Length of spin time whilst completing combos

(Joshua) #21

Although if you clock his worlds I beg he’s at 2 minutes - in rewind they say “his 1 throw”

(Justin Thompson) #22

Full frontal, lol.


Semis are 90 seconds so that’s how long it was. And I mentioned Takeshi specifically because of that freestyle.

But as you can see, his tricks in that freestyle were extremely technical and difficult, but they werent really extreme. If he was doing tricks like Ryuichi Nakamura or Yuki Nishisako he definitely wouldn’t be able to last that long on one throw.

Not to take anything away from him, it’s still insanely difficult, it’s never been done before, and he basically did it just to flex :man_shrugging:

(Joshua) #24

Can’t take from ™ -

I want you to remember this post. Not for what we are talking about but because I’m saying it now-

Andy brass tacks, regardless the trick it’s the cleanliness of the execution that preserve long duration spins.

Regardless if their floppin or 360 Eli, or lvl 100 Gyrados, he didn’t even F with horizontals. Lol

I know it wasn’t personal… but

But takeshi will win worlds 1A this year.

Finger guns pew pew


Cleanliness does determine how much spin time you get and that’s how he even got 90 seconds in the first place but that’s not the only thing that matters.

Tricks where the yoyo is in the air and you’re just whipping and slacking the string around playing with the string and not the yoyo, those tricks are obviously going to have longer spin time than tricks where the yoyo is constantly sliding across the string or doing multiple string layers and wraps.

Takeshi wasn’t just doing the former but if he was doing intensive speed combos and other extreme tricks he wouldn’t have been able to one throw it.

Anyway I think Takeshi got robbed of worlds twice already. I’ll pull the quote from SF again. “No matter who wins, Takeshi was the best player at this event.”

(ClockMonsterLA) #26

Which raises the question in my mind, again, where the fault lies in the contest scoring. Does it lay with the judges who mis-scored Takeshi’s (or Evan’s) performance? Or does it lay with the scoring system itself which rewards the “wrong” things; things that Evan did more than Takeshi? Or is it a combination of both?

I mean, you can’t claim the wrong person won a contest without also explaining the flaw in the system that allowed that to happen. Otherwise it just sounds like sour grapes and not a legitimate complaint.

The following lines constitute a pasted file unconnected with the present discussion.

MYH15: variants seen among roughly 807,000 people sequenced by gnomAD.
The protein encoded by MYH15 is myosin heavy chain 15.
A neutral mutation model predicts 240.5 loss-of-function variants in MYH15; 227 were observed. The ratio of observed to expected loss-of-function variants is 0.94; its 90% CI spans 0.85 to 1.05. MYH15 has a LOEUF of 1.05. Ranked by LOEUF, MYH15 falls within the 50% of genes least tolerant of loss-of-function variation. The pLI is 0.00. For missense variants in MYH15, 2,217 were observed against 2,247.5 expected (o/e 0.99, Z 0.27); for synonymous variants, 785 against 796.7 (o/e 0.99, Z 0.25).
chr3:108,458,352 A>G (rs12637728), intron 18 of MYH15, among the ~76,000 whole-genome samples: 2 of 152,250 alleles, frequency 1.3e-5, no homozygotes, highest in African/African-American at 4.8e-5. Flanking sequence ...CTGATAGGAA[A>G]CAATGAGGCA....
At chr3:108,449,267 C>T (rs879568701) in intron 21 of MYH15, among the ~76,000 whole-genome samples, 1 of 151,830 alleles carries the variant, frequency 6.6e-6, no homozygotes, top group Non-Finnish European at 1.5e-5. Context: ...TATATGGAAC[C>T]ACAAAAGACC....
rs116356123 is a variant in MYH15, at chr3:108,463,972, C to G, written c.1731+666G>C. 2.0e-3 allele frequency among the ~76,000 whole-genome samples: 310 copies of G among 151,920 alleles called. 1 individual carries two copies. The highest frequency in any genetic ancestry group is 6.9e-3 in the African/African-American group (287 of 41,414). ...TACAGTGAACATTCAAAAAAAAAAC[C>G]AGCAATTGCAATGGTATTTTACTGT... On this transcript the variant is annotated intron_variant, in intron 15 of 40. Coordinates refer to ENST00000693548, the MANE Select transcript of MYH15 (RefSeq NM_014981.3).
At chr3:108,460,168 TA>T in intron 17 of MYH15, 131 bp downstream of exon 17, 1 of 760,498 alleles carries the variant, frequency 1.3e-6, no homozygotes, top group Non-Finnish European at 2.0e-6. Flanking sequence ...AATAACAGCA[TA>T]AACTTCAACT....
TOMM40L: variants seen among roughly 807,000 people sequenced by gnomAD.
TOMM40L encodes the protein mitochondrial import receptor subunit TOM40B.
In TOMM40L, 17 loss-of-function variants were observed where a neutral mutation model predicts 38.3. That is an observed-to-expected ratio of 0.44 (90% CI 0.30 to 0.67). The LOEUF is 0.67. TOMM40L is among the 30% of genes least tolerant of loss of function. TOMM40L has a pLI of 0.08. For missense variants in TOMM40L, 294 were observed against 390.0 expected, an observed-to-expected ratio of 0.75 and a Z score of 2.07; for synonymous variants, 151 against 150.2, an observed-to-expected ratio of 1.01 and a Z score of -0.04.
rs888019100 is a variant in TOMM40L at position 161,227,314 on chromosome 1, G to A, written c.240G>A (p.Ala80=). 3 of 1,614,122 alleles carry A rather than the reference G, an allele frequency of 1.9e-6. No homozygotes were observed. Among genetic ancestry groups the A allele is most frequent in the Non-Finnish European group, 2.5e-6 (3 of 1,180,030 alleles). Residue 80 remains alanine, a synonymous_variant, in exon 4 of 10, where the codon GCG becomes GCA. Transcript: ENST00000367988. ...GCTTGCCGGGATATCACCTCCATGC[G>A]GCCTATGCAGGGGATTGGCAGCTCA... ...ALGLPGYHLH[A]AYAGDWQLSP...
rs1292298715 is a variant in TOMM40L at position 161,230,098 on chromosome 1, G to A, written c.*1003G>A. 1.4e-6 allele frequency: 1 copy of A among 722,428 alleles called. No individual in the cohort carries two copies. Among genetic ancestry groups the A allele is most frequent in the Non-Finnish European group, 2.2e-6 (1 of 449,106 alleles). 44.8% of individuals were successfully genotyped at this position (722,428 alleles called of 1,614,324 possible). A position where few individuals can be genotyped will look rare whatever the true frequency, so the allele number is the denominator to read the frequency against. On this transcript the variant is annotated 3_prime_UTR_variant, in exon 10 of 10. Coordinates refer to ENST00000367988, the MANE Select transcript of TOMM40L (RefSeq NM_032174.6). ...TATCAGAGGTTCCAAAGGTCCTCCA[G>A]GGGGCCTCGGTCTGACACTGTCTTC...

Evan won because he had much higher scores in space use, showmanship, and choreography, which have always been Takeshis weak points. Takeshis always relied on brutal technicality and not really putting on much of a “show” to get his points. Evan had a slightly higher technical evaluation score but takeshi had higher scores in execution, control, trick diversity, and construction. Similar thing happened when Gentry beat him out for 1st a few years back.

I wish Takeshi had a worlds title but in the current judging format it makes sense Evan and Gentry scored higher, they are far bigger showmans. Takeshi just says “I don’t need that extra flare to dominate, I just need one throw” :joy:

(ClockMonsterLA) #28

So it is the “judging format”, which I informally call the “scoring system”, that wrongly handed the title to Evan. Would lowering the scoring value of showmanship constitute an improvement to the system?

Out of curiosity, how is the scoring system decided upon? Who determines what the scoring categories are and how they are weighted? Who determines what scores a click and what doesn’t? Is there some international committee that makes these decisions? How often do they revisit their decisions and make changes to the scoring system? And what influences their decisions?


It’s all an opinion thing, I don’t think it’s wrong that Evan won, he worked really hard for it. If they decreased perfomance evals and takeshi won, people would say Evan or Gentry deserved the win and that performance evals aren’t worth enough. As a matter of fact people still say that now. People who complain about players being “hard to follow” or “too fast” or whatever are basically saying tech evals are worth too much

(ClockMonsterLA) #30

Okay. I guess I’m trying to reconcile “I think Takeshi got robbed of worlds” with “I don’t think it’s wrong that Evan won”. These two statements/sentiments seem contradictory to me.

(Joshua) #31

Dude - so you’re saying and I quote :joy: mickeys Anglam MGS in the hands of takeshi would spin another 30 seconds

(Joshua) #32

Also remember the scoring this year implemented a new element by which players are judged by high is “risk” - even though takeshi’s tricks have 6-7 steps the risk factor is exponential.


Well I cleaned my bearings for the first time ever this weekend… seemed to definitely reduce the noise in some of them… don’t know if its improved the spin time though (also put my center track bearing on my Edge).

(Justin ) #34

A freshly cleaned bearing will have the longest spin times, more so than a dirty or lubed bearing. However, the difference is often marginal.